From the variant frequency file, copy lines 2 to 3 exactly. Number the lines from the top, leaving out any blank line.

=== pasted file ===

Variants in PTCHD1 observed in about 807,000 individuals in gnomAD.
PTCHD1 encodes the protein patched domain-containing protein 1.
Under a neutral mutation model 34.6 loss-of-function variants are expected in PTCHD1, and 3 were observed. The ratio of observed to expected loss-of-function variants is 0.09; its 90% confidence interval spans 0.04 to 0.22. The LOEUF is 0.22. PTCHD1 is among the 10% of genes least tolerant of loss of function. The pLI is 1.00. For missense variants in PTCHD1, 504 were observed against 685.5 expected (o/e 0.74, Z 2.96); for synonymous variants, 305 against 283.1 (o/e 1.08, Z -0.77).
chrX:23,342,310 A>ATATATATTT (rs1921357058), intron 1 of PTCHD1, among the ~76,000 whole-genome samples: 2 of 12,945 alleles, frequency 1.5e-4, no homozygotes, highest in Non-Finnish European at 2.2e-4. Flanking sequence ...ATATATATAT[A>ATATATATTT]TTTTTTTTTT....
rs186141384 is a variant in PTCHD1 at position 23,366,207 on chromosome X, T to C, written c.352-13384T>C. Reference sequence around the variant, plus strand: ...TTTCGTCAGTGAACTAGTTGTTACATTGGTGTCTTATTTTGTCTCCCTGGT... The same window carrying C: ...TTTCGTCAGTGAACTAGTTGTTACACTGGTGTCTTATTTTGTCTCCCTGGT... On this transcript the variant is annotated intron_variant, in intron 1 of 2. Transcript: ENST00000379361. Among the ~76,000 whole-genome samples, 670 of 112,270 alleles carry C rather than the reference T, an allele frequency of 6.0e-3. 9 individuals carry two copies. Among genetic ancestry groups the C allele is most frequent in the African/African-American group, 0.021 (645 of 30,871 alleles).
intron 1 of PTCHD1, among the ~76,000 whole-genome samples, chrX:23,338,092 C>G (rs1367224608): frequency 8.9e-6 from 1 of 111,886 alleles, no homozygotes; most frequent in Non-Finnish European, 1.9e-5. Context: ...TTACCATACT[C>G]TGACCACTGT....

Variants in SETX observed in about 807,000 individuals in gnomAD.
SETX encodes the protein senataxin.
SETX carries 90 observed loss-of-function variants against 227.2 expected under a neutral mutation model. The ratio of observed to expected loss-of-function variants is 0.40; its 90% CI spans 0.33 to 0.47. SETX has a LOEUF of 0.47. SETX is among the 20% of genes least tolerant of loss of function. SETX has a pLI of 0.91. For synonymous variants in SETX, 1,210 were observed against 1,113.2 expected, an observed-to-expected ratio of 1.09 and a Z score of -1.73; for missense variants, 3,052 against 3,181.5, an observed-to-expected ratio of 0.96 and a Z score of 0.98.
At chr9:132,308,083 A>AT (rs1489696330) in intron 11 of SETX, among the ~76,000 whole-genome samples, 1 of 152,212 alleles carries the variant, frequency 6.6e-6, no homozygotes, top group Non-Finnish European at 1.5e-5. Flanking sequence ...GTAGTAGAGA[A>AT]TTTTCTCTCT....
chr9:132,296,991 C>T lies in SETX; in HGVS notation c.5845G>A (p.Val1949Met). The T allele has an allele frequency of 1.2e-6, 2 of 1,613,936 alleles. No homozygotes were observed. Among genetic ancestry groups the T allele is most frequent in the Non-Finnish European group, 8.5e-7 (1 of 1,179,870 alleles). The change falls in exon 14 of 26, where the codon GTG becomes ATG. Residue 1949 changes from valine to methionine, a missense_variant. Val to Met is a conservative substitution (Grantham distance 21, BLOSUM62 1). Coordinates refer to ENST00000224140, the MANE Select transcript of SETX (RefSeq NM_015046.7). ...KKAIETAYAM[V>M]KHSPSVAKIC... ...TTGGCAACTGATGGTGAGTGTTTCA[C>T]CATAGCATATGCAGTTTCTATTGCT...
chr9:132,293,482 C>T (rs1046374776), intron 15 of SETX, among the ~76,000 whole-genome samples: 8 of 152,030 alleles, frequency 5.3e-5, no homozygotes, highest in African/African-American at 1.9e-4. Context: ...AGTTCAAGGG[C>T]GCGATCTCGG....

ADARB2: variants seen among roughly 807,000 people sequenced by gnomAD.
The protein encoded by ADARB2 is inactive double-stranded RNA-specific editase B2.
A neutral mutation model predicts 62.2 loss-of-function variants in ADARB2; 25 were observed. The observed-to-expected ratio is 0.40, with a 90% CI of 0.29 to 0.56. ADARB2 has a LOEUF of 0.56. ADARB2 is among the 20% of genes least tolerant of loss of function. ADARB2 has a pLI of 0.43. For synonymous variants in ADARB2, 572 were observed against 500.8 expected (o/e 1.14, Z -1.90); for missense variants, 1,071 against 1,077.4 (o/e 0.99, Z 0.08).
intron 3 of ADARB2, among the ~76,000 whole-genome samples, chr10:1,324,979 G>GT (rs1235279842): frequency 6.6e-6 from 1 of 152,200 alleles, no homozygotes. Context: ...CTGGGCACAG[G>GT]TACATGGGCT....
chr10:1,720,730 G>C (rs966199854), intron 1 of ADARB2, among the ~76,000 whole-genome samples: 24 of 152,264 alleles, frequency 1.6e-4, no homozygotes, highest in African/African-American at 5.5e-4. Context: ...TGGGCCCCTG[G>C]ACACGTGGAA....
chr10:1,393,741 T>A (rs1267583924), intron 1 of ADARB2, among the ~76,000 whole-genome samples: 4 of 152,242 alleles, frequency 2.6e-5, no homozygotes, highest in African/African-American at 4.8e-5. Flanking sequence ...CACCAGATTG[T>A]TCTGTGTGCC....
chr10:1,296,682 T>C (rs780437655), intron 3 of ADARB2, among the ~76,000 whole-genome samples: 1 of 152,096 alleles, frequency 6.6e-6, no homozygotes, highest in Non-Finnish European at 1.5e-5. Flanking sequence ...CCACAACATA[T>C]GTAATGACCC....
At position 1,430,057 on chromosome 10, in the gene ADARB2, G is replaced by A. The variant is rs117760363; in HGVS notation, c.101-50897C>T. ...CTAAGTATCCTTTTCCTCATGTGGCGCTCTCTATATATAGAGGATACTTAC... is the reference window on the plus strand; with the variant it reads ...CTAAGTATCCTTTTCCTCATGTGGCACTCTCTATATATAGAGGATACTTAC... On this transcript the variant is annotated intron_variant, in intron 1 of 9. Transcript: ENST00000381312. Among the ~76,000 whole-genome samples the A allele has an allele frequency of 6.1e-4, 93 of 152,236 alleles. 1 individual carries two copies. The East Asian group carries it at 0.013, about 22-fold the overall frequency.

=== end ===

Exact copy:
PTCHD1 encodes the protein patched domain-containing protein 1.
Under a neutral mutation model 34.6 loss-of-function variants are expected in PTCHD1, and 3 were observed. The ratio of observed to expected loss-of-function variants is 0.09; its 90% confidence interval spans 0.04 to 0.22. The LOEUF is 0.22. PTCHD1 is among the 10% of genes least tolerant of loss of function. The pLI is 1.00. For missense variants in PTCHD1, 504 were observed against 685.5 expected (o/e 0.74, Z 2.96); for synonymous variants, 305 against 283.1 (o/e 1.08, Z -0.77).